It was during this taxing time that Nate approached his boss at 3M to discuss a possible reduction to part time, but instead was given an ultimatum and a 24-hour timeline to choose: it had to be one or the other. Nate chose his climbing dream and the next day, made the full leap to Vertical Endeavors. Six months later, Pam did the same thing as family and friends questioned what seemed like an imprudent and risky maneuver. But it was a risk that paid off as they started to see growth in a business that so few believed would be sustainable.
Knowing that there would be major differences between starting an indoor climbing facility in a community with a shorter outdoor climbing season and with a significantly smaller established community, Nate applied what he had learned in business administration classes from the beginning. He was determined to make climbing accessible to non-climbers, families, and newcomers to the sport with an emphasis on training, safety, and customer service. Vertical Endeavors would be about more than training during the cold winter months, but about opening up and sharing this world he and Pam loved so much to
demographics of people who otherwise would not have had access to learn. To this day, climbing facility owners to the south and west are surprised at the amount of outreach and the level of non-climber accessibility that Vertical Endeavors provides. Approachability of staff and a constant intentional lean away from potential elitist climbing attitudes makes walking into a Vertical Endeavors facility as a first time climber reassuring instead of anxiety-ridden.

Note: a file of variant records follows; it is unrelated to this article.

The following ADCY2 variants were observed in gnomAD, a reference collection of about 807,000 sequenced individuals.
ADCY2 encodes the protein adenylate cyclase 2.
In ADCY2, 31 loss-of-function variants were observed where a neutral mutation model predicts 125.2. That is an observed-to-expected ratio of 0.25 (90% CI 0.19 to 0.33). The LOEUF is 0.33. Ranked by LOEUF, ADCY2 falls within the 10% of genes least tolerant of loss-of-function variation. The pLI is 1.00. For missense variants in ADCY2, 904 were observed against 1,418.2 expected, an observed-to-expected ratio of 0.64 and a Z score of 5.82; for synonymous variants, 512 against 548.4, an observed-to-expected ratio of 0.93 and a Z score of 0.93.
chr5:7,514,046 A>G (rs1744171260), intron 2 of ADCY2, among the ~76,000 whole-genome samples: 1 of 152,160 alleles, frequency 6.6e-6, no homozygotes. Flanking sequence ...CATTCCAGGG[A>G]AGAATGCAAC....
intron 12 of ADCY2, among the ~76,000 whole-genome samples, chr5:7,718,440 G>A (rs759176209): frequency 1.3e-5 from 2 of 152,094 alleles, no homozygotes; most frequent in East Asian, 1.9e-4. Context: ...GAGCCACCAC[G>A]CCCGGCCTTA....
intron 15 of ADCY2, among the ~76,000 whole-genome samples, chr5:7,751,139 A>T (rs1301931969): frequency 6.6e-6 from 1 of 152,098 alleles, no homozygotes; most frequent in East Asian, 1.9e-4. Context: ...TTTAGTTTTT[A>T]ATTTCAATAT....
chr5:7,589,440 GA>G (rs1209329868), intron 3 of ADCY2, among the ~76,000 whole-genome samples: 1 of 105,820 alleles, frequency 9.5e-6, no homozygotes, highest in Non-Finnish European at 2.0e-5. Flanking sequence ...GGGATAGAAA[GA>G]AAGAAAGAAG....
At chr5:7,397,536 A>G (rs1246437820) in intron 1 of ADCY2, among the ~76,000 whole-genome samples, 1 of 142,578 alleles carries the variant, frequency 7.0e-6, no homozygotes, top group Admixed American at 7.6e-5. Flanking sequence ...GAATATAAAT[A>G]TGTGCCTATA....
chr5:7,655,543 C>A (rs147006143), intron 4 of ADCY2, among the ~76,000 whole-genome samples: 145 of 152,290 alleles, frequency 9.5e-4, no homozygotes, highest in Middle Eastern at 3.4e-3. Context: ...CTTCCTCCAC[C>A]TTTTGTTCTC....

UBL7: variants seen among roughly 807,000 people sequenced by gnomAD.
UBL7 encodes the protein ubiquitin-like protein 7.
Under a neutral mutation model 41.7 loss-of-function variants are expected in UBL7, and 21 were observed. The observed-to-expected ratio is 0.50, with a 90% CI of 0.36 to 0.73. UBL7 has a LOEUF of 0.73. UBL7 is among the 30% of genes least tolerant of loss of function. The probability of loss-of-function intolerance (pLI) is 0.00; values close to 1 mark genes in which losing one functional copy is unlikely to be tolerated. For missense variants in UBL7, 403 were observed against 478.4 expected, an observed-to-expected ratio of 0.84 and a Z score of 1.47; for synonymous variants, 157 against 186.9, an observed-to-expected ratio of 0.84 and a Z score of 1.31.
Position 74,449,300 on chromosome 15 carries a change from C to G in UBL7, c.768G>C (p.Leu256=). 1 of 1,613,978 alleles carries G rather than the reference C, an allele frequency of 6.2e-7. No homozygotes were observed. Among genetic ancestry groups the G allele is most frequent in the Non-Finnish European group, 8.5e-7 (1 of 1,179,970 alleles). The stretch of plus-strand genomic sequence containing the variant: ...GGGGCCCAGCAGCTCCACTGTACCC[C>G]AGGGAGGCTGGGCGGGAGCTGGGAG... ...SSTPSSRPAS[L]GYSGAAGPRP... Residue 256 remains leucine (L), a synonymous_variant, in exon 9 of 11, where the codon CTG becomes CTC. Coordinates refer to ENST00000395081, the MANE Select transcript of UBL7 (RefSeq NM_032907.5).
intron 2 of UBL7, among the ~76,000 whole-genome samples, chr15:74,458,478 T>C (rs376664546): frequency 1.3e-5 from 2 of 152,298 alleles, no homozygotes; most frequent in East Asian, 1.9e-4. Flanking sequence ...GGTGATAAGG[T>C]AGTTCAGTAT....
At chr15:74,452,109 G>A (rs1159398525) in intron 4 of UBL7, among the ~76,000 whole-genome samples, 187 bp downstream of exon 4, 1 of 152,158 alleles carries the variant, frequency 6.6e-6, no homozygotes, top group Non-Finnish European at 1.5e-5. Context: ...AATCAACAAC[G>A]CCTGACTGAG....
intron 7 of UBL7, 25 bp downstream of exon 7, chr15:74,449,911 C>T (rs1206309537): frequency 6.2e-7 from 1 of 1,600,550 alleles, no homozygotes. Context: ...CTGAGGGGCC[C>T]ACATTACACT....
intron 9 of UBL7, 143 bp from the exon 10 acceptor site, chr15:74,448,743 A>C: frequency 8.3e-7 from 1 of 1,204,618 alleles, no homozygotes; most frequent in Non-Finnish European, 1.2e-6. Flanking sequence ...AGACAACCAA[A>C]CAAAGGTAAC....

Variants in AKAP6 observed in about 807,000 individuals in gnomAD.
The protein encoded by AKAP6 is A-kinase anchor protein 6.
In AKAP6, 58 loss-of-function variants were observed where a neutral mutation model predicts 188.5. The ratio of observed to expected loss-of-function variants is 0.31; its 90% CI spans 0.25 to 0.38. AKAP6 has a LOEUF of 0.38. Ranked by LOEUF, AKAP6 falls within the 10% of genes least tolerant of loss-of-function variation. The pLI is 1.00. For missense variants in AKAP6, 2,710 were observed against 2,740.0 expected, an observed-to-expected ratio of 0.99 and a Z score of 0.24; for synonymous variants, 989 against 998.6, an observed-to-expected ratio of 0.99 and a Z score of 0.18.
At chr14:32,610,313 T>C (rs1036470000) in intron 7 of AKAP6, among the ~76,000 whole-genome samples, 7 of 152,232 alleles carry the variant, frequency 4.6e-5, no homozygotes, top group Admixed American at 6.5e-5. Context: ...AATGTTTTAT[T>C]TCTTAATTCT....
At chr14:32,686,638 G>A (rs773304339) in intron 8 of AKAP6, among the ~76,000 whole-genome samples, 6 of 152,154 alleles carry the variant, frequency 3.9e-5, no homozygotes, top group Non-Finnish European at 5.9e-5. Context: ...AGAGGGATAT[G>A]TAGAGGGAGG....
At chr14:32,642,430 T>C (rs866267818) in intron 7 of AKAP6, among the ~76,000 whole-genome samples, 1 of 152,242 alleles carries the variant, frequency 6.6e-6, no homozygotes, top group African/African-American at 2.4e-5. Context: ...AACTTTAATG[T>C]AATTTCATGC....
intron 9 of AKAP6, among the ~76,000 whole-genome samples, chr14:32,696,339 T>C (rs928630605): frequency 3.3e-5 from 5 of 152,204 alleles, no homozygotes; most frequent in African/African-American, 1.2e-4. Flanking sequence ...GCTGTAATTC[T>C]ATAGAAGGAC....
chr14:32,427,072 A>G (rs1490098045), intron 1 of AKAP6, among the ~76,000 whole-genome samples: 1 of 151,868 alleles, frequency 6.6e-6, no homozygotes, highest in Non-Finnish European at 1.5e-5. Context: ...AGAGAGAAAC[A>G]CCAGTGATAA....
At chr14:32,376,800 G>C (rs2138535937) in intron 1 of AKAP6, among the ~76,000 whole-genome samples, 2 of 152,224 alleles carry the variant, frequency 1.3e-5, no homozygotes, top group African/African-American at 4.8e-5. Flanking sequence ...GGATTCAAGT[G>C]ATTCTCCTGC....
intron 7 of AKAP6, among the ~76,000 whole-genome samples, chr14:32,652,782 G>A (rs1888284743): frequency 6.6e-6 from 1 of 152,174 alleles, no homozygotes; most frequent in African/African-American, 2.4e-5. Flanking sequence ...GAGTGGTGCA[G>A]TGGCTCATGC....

It was with that focus that Vertical Endeavors has seen growth. By providing an excellent product and focusing on customer service, word of mouth has been the largest form of advertising that has contributed to its success. The dedication and sacrifice required to make Vertical Endeavors one of the industry leaders that it is today has paid off not only for the climbing community that worked so hard to turn dream into reality, but also for the Twin Cities and Chicago area as families and adventurers have opportunity to fall in love with climbing. Vertical Endeavors has been able to expand to six locations, five of those being in Minnesota and one in Illinois, by balancing a customer-centered approach and a safety-focused mentality. These things, along with a drive to continue taking calculated business growth risks, have allowed Vertical Endeavors to be a leading voice in the innovative conversations happening on the national indoor climbing community stage.